Posts about: Environment and Life Sciences

Is formatting your dissertation/thesis harder than you expected?

17 July 2017

If you’re struggling with word processing your dissertation/thesis, then you’re not alone. It can be a demanding task, with many students find this aspect of the process more time consuming and stressful than they anticipated. But MS Word provides tools and features that make this task so much easier to manage. You can save time, learn the skills to work more effectively and reduce your anxiety levels too.

Do you know how to…?

  • Create an automatic table of contents for your document headings?
  • Apply Word’s ‘Captions’ for figures and tables, and create automatic listings for them?
  • Apply different page numbering formats to the different parts of your document?
  • Change page orientation mid-document, e.g. to accommodate a large chart?

No? What??? Then you need to check out our handbook and video resources… read more

Email etiquette tips

30 June 2017
Email etiquette cartoon

Cham, J. (2015). How to write an e-mail to your instructor or T.A. Retrieved from http://phdcomics.com/comics/archive.php?comicid=1795

When emailing friends it is fine to use an a familiar and informal style, however, when you write an email about a job application or internship, an interview or when emailing your tutors it is good practice to adopt a more formal style.

Tips for writing a formal email:

  • First impressions count – Think about your email address a prospective employer might remember you for all the wrong reasons if you contact them using an email address such as wildandcrazygeek@gmail.com.  It is a much better idea to use your university email account.
  • Include a greeting– if you know your tutor using their first name in the greeting is fine. If you do not have a familiar relationship with them then use their family name e.g. Dear Dr. Smith.  If you are applying for a job and don’t know the name of the person who will be reading your email it is good practice to include the greeting Dear Sir or Madam.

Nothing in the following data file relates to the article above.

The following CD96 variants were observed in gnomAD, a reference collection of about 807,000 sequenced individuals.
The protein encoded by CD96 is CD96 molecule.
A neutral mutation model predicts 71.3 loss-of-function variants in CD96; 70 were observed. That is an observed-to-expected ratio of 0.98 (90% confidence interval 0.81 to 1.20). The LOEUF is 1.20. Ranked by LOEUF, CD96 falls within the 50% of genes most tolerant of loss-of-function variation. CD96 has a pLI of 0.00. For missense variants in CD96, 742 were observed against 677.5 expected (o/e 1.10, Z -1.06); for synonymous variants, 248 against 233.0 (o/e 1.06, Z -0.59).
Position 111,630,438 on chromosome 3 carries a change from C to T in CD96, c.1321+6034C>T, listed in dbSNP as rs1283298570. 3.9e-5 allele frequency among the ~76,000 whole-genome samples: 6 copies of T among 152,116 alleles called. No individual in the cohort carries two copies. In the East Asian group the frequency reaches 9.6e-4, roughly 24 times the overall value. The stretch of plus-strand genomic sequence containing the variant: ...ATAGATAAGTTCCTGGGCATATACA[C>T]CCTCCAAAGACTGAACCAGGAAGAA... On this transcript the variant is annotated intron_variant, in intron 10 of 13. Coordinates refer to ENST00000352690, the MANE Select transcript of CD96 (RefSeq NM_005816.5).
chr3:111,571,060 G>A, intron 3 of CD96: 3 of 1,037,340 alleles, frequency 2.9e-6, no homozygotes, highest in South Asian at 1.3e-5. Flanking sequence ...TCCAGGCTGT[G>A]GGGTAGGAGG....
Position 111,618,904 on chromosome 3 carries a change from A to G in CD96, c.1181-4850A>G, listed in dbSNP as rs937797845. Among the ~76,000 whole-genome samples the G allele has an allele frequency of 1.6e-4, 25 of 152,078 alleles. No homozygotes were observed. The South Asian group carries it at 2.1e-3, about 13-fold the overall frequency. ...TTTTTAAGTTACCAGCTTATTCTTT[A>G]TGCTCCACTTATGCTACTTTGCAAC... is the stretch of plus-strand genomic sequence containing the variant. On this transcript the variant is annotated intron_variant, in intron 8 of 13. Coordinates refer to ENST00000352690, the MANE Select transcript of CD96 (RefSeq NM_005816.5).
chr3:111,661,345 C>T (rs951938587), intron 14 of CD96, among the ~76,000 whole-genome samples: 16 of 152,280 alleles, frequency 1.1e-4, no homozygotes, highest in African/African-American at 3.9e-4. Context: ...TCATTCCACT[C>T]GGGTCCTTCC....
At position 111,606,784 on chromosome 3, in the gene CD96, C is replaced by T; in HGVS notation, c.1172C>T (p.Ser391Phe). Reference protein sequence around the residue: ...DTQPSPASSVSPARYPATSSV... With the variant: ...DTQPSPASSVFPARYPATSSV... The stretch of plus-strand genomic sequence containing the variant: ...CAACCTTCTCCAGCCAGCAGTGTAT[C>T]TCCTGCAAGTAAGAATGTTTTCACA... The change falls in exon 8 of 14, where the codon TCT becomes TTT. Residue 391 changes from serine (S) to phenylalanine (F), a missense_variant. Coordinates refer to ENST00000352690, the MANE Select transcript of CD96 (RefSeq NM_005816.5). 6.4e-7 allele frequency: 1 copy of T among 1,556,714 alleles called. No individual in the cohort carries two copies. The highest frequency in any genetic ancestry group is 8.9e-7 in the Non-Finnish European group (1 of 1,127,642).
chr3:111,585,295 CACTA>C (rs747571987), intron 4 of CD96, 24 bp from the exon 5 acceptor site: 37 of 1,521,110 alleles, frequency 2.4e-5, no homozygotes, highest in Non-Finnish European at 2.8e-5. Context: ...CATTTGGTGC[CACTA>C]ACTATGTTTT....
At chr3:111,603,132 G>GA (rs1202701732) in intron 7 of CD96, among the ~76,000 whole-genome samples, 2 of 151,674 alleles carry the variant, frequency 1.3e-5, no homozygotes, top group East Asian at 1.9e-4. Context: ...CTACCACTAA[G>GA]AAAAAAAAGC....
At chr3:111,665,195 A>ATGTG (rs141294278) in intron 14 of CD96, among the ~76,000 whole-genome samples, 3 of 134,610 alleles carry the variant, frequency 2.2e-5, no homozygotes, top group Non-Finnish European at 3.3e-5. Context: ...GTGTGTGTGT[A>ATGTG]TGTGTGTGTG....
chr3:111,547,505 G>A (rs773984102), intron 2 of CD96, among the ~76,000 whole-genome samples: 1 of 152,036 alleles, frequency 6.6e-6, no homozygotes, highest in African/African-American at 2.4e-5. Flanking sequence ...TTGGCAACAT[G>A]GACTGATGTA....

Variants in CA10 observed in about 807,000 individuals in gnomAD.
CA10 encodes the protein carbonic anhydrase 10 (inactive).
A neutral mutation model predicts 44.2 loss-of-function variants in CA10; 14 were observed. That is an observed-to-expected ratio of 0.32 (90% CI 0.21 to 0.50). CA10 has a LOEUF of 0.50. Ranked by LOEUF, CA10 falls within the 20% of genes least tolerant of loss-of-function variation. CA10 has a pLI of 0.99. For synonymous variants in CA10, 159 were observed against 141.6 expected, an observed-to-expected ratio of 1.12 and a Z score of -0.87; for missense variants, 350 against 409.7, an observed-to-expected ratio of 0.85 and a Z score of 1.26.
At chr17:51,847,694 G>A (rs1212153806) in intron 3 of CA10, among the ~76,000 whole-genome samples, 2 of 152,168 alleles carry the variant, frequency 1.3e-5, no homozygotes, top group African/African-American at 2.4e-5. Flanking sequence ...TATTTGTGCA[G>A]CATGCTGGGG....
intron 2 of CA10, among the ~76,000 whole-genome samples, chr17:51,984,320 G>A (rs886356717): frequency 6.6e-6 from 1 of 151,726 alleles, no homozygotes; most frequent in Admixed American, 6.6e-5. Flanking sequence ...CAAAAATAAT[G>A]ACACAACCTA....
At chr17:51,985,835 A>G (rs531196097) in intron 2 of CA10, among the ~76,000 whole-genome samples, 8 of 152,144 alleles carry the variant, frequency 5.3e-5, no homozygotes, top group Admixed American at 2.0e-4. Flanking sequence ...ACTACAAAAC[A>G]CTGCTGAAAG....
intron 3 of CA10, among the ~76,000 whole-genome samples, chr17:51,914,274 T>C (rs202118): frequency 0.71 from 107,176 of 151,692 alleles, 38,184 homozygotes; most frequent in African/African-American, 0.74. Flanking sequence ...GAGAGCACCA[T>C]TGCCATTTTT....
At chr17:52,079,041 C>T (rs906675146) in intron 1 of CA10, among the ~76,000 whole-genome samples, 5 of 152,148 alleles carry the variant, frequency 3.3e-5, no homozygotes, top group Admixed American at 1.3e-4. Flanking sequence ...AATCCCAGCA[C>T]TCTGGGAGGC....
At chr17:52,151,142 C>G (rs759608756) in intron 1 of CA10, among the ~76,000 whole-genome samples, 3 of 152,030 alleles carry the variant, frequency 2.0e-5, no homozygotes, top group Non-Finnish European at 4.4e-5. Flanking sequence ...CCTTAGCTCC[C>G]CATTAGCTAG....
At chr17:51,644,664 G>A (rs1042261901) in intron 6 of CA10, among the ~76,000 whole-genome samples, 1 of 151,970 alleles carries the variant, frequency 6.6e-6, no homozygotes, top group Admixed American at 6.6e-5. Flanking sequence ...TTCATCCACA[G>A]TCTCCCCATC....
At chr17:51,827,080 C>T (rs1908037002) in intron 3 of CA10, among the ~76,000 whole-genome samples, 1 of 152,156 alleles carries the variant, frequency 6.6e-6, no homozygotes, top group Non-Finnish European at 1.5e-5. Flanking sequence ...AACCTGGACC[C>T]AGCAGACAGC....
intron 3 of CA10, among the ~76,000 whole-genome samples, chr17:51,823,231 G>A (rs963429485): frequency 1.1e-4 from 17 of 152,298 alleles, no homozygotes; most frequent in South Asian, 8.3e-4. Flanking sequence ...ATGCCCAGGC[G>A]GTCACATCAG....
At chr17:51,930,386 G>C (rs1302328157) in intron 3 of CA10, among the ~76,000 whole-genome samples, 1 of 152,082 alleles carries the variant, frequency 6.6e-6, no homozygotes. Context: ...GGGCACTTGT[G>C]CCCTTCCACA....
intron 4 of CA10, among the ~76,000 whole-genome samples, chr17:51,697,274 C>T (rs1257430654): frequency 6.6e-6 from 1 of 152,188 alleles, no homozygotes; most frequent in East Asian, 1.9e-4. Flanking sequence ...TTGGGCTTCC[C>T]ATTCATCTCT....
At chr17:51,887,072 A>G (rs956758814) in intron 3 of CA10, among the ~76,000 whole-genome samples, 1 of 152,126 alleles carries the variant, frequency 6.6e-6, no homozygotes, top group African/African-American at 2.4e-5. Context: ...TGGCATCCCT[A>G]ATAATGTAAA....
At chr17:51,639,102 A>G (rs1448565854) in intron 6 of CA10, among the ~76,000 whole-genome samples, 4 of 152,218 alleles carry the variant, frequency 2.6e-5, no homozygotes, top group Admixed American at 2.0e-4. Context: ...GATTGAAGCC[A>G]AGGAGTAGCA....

• Use the subject line and be informative – try to avoid just typing “hello” or “help”. If emailing your tutor tell them why you are contacting them e.g. Query about case study in Clinical Skills lecture.  If you are applying for a job include details about the job being applied for e.g. Application for Library Assistant post ref: LIB/6291.
  • Avoid text speak – Save ROFL and YOLO for emails to friends. Use full sentences and punctuation when emailing tutors and prospective employers.  Use the spell check to make sure your message is correct before pressing send.
  • DON’T SHOUT – Names, dates, places, most acronyms and the start of a new sentence should be capitalised, entire sentences shouldn’t.
  • Size matters – Tutors and employers are busy people so be as concise as possible.
  • Provide details – Give the person you are contacting the information they need to answer your query effectively e.g. if you are querying something that was said in a lecture include the date and time.  Any correspondence with your lecturer should include your University ID number so that they can identify you easily.
Good manners cost nothing but are always appreciated – include a please and thank you when making a request.

Photo of Sue

Sue is blogging about email etiquette.

  • Include a sign off:
    1. To a tutor – “best wishes” or “regards”
    2. To a prospective employer you have addressed as Dear Sir or Madam the sign off should be “Yours faithfully”.
    3. To a prospective employer when the name is known e.g. Dear Mr. Smith the sign off should be “Yours sincerely”.
  • The sign off should be followed by your full name. read more

    Looking for dissertations and theses? Library Search can help!

    29 May 2017
    Tracy Breheny